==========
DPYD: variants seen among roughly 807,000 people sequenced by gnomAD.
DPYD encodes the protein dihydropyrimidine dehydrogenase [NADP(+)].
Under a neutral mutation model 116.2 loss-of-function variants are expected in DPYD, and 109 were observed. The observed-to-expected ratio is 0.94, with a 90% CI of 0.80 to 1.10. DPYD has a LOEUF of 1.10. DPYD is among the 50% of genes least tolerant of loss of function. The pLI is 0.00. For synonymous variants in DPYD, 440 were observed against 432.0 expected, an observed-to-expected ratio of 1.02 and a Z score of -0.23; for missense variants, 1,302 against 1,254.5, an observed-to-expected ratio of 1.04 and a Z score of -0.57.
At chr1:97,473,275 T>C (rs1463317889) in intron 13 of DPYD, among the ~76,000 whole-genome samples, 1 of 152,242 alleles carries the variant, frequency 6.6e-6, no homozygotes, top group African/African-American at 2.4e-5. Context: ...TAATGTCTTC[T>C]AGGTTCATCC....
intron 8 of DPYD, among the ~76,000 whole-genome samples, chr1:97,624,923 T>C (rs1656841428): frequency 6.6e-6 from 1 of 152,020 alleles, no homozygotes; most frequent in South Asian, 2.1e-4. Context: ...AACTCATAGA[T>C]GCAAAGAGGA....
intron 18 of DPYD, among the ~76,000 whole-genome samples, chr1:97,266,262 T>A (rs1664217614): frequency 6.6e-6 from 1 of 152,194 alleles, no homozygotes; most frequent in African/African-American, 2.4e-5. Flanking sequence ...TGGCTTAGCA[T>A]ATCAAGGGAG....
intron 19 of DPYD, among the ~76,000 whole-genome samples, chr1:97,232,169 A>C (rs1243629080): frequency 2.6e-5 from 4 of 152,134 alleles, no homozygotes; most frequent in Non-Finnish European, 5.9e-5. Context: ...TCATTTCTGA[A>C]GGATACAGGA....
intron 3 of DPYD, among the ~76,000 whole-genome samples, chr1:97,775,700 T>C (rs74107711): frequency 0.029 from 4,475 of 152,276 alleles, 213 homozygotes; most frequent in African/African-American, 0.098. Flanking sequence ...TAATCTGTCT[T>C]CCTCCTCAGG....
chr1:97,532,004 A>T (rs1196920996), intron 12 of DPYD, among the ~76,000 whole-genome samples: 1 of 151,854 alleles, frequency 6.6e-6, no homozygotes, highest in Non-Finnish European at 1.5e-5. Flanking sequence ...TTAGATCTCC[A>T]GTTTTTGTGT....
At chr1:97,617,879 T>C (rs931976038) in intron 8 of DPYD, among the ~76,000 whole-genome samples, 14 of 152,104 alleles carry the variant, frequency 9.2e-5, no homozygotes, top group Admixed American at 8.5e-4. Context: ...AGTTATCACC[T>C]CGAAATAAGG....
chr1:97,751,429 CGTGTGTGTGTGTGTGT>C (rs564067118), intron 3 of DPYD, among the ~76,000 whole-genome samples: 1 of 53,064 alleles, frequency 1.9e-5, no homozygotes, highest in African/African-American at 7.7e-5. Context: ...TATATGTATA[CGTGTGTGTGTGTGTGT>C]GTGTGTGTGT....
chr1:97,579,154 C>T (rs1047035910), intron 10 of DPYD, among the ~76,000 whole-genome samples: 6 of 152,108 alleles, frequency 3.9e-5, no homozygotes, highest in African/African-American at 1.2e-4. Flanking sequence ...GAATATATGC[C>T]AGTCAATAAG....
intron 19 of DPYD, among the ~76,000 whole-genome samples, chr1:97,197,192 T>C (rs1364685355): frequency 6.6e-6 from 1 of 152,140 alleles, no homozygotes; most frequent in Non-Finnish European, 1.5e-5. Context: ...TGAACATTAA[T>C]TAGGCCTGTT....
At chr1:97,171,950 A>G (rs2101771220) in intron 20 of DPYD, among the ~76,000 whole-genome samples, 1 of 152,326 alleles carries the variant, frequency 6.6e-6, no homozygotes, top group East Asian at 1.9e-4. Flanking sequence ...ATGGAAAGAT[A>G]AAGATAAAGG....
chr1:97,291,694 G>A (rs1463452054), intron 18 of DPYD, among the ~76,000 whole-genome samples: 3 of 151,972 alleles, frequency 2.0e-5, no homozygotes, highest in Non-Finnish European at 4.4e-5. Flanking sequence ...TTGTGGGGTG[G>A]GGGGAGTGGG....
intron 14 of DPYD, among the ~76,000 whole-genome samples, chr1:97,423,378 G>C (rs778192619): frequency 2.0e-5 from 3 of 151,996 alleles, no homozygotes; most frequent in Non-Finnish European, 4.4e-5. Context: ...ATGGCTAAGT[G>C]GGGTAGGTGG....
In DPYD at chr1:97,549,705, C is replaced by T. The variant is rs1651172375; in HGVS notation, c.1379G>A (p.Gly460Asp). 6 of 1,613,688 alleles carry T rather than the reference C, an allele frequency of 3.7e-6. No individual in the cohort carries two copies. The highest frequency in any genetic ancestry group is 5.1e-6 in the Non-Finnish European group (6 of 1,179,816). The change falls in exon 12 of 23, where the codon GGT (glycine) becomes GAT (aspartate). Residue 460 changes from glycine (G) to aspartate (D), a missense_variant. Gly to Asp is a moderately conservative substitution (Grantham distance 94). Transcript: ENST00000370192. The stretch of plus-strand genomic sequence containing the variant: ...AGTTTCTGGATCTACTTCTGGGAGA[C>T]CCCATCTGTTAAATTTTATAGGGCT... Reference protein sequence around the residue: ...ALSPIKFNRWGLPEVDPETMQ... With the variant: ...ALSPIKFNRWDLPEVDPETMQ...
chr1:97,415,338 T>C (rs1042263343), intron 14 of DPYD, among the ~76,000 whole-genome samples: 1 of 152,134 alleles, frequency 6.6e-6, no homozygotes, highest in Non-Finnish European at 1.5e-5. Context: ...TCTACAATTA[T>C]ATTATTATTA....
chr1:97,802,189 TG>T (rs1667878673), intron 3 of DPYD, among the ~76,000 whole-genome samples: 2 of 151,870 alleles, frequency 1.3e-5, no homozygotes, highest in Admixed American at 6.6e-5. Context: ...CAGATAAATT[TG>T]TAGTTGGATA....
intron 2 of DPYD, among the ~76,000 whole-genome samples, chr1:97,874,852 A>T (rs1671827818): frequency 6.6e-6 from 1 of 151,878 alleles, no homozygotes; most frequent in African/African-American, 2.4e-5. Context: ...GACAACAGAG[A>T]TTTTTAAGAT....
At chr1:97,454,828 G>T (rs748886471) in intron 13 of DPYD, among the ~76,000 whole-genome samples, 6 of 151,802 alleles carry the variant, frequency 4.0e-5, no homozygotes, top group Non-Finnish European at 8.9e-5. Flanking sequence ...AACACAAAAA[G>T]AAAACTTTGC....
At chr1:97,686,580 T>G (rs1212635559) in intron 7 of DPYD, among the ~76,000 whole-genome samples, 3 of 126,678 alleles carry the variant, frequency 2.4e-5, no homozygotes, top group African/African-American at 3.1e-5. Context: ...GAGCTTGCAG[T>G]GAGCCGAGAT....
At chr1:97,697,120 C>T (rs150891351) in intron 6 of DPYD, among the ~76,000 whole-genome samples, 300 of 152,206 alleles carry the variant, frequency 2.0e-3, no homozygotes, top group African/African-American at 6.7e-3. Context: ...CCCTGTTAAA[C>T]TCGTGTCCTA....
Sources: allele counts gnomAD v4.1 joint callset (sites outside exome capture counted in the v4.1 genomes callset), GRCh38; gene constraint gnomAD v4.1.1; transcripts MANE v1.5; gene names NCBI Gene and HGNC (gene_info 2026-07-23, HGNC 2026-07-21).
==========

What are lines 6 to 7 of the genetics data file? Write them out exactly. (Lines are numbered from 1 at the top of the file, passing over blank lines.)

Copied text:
intron 18 of DPYD, among the ~76,000 whole-genome samples, chr1:97,266,262 T>A (rs1664217614): frequency 6.6e-6 from 1 of 152,194 alleles, no homozygotes; most frequent in African/African-American, 2.4e-5. Flanking sequence ...TGGCTTAGCA[T>A]ATCAAGGGAG....
intron 19 of DPYD, among the ~76,000 whole-genome samples, chr1:97,232,169 A>C (rs1243629080): frequency 2.6e-5 from 4 of 152,134 alleles, no homozygotes; most frequent in Non-Finnish European, 5.9e-5. Context: ...TCATTTCTGA[A>C]GGATACAGGA....